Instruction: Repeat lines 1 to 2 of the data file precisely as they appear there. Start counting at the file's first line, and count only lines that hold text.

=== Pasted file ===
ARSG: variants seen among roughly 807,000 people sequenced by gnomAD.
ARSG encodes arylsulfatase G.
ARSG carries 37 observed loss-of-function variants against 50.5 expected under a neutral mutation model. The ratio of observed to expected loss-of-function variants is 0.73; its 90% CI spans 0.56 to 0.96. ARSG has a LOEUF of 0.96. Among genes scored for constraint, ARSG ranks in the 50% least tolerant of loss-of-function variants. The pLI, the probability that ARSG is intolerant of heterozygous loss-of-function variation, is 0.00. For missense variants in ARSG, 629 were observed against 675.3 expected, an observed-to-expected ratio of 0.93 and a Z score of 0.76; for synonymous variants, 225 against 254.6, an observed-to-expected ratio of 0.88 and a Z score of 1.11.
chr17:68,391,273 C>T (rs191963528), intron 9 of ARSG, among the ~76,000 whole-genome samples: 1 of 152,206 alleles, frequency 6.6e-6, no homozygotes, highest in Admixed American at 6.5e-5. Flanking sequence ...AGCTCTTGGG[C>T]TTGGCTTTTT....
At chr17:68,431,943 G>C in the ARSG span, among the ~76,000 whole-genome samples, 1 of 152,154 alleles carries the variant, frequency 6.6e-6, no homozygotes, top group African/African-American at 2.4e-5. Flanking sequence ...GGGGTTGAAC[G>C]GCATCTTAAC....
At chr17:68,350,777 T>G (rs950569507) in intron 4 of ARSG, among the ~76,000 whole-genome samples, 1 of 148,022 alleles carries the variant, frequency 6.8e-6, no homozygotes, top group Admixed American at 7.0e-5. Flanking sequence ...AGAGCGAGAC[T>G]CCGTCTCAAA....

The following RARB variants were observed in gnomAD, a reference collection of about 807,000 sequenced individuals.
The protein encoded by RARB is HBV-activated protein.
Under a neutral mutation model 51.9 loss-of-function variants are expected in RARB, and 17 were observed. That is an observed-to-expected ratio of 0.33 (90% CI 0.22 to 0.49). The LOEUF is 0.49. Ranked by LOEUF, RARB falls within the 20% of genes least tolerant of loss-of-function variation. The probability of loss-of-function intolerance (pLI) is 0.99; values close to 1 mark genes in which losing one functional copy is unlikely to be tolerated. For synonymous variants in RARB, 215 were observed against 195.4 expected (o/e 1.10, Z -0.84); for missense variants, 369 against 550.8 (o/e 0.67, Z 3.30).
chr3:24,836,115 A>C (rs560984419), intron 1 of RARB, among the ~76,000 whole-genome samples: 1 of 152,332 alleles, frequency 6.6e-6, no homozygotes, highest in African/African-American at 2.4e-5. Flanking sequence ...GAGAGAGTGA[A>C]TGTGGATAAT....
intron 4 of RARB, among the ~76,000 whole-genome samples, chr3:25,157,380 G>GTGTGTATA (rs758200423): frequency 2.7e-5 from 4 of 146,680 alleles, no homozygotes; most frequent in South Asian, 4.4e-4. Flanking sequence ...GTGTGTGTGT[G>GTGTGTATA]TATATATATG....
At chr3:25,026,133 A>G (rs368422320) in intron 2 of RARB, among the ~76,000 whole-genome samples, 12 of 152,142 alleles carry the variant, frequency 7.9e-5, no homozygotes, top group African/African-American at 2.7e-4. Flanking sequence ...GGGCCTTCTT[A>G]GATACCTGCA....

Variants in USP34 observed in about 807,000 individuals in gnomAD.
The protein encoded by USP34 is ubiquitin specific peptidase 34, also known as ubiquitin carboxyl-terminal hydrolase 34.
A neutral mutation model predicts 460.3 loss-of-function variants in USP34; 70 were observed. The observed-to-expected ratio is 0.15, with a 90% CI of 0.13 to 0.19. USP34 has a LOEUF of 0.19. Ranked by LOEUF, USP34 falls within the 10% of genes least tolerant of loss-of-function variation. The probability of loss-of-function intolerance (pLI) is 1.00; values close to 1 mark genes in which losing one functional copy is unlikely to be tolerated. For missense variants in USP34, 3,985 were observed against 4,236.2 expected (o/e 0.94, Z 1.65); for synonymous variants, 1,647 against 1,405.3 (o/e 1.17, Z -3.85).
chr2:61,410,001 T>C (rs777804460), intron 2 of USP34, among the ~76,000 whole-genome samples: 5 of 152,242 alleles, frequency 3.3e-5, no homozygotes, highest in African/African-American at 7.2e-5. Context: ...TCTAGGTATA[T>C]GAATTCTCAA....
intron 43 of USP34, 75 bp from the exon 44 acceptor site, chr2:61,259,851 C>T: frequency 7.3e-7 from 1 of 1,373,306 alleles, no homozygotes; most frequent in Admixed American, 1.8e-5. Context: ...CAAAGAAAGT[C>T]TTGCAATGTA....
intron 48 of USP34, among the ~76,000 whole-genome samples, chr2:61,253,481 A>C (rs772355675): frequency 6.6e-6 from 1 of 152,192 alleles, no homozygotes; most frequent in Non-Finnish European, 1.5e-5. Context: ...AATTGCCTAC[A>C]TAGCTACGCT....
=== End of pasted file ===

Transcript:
ARSG: variants seen among roughly 807,000 people sequenced by gnomAD.
ARSG encodes arylsulfatase G.